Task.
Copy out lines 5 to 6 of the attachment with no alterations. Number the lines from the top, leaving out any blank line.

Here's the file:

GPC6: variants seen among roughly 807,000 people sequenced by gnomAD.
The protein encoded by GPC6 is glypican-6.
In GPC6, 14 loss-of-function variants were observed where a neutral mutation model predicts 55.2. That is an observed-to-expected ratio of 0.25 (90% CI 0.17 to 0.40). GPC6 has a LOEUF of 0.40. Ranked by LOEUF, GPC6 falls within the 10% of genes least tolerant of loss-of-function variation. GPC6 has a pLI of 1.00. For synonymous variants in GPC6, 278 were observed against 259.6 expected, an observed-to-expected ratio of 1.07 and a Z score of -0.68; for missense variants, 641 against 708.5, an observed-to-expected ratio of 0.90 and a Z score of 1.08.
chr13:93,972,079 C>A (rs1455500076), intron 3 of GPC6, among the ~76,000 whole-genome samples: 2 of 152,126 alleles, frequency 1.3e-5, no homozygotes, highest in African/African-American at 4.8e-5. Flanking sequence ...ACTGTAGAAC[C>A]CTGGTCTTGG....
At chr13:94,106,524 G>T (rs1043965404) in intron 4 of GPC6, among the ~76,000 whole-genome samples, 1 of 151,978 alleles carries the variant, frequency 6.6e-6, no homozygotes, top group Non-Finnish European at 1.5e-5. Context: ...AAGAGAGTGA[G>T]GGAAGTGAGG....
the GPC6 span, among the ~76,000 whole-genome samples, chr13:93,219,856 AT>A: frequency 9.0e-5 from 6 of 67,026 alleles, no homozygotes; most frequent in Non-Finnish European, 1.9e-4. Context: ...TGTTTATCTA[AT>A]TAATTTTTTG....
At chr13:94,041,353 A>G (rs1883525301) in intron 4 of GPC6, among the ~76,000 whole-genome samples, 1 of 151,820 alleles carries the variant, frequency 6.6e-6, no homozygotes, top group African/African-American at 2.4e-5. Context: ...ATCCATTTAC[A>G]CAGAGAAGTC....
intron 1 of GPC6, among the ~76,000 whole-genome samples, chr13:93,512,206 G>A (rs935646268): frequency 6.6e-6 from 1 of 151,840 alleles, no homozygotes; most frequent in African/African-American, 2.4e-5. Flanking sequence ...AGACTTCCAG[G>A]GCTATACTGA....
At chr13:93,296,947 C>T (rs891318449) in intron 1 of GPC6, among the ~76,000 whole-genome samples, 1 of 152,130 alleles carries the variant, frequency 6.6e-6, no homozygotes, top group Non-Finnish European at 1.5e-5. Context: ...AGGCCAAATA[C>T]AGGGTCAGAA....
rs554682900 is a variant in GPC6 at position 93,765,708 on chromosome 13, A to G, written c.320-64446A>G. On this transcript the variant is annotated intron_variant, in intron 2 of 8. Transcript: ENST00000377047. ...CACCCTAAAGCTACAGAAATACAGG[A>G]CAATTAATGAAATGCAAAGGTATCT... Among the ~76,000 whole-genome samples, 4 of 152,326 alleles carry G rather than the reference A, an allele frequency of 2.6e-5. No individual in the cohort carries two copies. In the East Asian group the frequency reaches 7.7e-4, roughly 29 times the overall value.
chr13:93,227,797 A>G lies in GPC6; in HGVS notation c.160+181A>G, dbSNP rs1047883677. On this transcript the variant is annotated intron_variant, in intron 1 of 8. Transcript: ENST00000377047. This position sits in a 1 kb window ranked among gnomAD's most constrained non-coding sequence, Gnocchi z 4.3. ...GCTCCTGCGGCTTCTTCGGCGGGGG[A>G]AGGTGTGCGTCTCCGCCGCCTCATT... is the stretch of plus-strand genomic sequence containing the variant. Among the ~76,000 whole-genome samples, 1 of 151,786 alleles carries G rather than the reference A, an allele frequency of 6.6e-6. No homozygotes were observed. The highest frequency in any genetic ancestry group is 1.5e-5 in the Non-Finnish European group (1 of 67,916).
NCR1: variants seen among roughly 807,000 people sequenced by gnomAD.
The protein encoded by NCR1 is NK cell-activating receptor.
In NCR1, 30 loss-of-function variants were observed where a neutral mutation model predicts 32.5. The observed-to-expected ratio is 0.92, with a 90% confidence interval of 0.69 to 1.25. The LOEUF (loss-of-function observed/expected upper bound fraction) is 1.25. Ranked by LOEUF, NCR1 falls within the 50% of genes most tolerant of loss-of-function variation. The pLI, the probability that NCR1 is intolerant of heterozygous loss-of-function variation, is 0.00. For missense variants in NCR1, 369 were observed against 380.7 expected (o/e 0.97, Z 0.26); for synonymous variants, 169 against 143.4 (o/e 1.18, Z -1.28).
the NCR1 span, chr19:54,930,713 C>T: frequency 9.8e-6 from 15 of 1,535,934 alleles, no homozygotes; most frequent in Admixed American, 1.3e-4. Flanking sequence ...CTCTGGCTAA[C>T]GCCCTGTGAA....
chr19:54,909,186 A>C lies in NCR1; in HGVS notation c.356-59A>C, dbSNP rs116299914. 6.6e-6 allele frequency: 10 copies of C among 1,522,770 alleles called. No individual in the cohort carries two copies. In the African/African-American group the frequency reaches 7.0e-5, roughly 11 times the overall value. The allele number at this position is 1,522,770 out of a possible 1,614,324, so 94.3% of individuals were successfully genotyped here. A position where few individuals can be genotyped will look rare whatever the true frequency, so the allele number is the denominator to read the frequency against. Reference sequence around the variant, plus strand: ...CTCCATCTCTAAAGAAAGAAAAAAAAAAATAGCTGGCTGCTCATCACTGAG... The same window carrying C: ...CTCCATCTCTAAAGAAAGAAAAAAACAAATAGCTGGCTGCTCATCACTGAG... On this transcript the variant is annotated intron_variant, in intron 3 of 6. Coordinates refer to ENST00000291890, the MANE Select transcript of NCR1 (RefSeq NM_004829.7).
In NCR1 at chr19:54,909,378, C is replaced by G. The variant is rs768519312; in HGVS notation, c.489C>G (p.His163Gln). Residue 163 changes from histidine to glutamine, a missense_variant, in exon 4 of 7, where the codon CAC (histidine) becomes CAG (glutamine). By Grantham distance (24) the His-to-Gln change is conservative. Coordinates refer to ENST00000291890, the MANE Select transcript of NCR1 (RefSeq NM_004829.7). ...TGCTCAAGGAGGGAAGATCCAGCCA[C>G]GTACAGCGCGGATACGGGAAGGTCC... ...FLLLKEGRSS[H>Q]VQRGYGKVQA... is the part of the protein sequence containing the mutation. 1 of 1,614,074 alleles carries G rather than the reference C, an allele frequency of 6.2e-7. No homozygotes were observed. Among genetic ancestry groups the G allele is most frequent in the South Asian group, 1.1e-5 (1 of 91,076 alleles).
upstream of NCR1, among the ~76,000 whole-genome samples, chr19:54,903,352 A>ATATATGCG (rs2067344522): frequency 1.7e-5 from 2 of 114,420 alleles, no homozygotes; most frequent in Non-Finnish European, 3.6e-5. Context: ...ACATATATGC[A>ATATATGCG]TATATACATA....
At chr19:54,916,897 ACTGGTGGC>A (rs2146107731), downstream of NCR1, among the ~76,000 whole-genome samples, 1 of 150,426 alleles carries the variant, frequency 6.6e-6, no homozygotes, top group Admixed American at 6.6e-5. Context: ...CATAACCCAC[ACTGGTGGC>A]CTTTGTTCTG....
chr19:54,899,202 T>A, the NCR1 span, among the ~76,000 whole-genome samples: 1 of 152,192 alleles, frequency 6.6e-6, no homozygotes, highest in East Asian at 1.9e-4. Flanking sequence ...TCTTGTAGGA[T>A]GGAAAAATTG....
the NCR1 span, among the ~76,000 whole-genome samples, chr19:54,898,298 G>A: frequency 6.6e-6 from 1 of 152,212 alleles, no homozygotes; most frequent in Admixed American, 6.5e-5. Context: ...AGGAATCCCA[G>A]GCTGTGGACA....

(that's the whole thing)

At chr13:94,106,524 G>T (rs1043965404) in intron 4 of GPC6, among the ~76,000 whole-genome samples, 1 of 151,978 alleles carries the variant, frequency 6.6e-6, no homozygotes, top group Non-Finnish European at 1.5e-5. Context: ...AAGAGAGTGA[G>T]GGAAGTGAGG....
the GPC6 span, among the ~76,000 whole-genome samples, chr13:93,219,856 AT>A: frequency 9.0e-5 from 6 of 67,026 alleles, no homozygotes; most frequent in Non-Finnish European, 1.9e-4. Context: ...TGTTTATCTA[AT>A]TAATTTTTTG....